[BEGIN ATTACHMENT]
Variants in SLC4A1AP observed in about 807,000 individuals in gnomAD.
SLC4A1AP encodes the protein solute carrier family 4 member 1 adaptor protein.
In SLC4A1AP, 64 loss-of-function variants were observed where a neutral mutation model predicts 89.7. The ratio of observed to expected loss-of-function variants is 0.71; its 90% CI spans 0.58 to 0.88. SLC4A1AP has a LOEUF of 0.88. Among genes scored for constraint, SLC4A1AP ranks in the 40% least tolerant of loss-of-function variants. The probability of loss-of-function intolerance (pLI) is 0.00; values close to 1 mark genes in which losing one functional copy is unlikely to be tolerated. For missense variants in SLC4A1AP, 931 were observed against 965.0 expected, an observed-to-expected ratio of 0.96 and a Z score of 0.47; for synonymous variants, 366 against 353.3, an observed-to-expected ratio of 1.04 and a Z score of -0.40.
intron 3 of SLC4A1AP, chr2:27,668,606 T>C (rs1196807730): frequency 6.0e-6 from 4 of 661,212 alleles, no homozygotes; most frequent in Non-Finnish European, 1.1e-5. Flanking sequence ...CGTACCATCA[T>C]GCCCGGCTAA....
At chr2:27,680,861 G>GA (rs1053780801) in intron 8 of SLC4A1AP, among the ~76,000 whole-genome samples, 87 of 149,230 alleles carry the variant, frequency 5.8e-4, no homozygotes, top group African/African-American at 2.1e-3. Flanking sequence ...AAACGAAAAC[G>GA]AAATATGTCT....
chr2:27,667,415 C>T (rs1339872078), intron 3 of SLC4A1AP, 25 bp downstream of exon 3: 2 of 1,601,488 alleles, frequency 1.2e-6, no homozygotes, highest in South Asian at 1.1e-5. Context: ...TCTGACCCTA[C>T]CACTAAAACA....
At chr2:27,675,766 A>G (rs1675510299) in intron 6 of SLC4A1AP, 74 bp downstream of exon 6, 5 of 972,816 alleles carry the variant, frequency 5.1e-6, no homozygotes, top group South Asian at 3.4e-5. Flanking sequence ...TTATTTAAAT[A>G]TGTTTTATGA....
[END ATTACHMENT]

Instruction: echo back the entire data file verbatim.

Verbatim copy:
Variants in SLC4A1AP observed in about 807,000 individuals in gnomAD.
SLC4A1AP encodes the protein solute carrier family 4 member 1 adaptor protein.
In SLC4A1AP, 64 loss-of-function variants were observed where a neutral mutation model predicts 89.7. The ratio of observed to expected loss-of-function variants is 0.71; its 90% CI spans 0.58 to 0.88. SLC4A1AP has a LOEUF of 0.88. Among genes scored for constraint, SLC4A1AP ranks in the 40% least tolerant of loss-of-function variants. The probability of loss-of-function intolerance (pLI) is 0.00; values close to 1 mark genes in which losing one functional copy is unlikely to be tolerated. For missense variants in SLC4A1AP, 931 were observed against 965.0 expected, an observed-to-expected ratio of 0.96 and a Z score of 0.47; for synonymous variants, 366 against 353.3, an observed-to-expected ratio of 1.04 and a Z score of -0.40.
intron 3 of SLC4A1AP, chr2:27,668,606 T>C (rs1196807730): frequency 6.0e-6 from 4 of 661,212 alleles, no homozygotes; most frequent in Non-Finnish European, 1.1e-5. Flanking sequence ...CGTACCATCA[T>C]GCCCGGCTAA....
At chr2:27,680,861 G>GA (rs1053780801) in intron 8 of SLC4A1AP, among the ~76,000 whole-genome samples, 87 of 149,230 alleles carry the variant, frequency 5.8e-4, no homozygotes, top group African/African-American at 2.1e-3. Flanking sequence ...AAACGAAAAC[G>GA]AAATATGTCT....
chr2:27,667,415 C>T (rs1339872078), intron 3 of SLC4A1AP, 25 bp downstream of exon 3: 2 of 1,601,488 alleles, frequency 1.2e-6, no homozygotes, highest in South Asian at 1.1e-5. Context: ...TCTGACCCTA[C>T]CACTAAAACA....
At chr2:27,675,766 A>G (rs1675510299) in intron 6 of SLC4A1AP, 74 bp downstream of exon 6, 5 of 972,816 alleles carry the variant, frequency 5.1e-6, no homozygotes, top group South Asian at 3.4e-5. Flanking sequence ...TTATTTAAAT[A>G]TGTTTTATGA....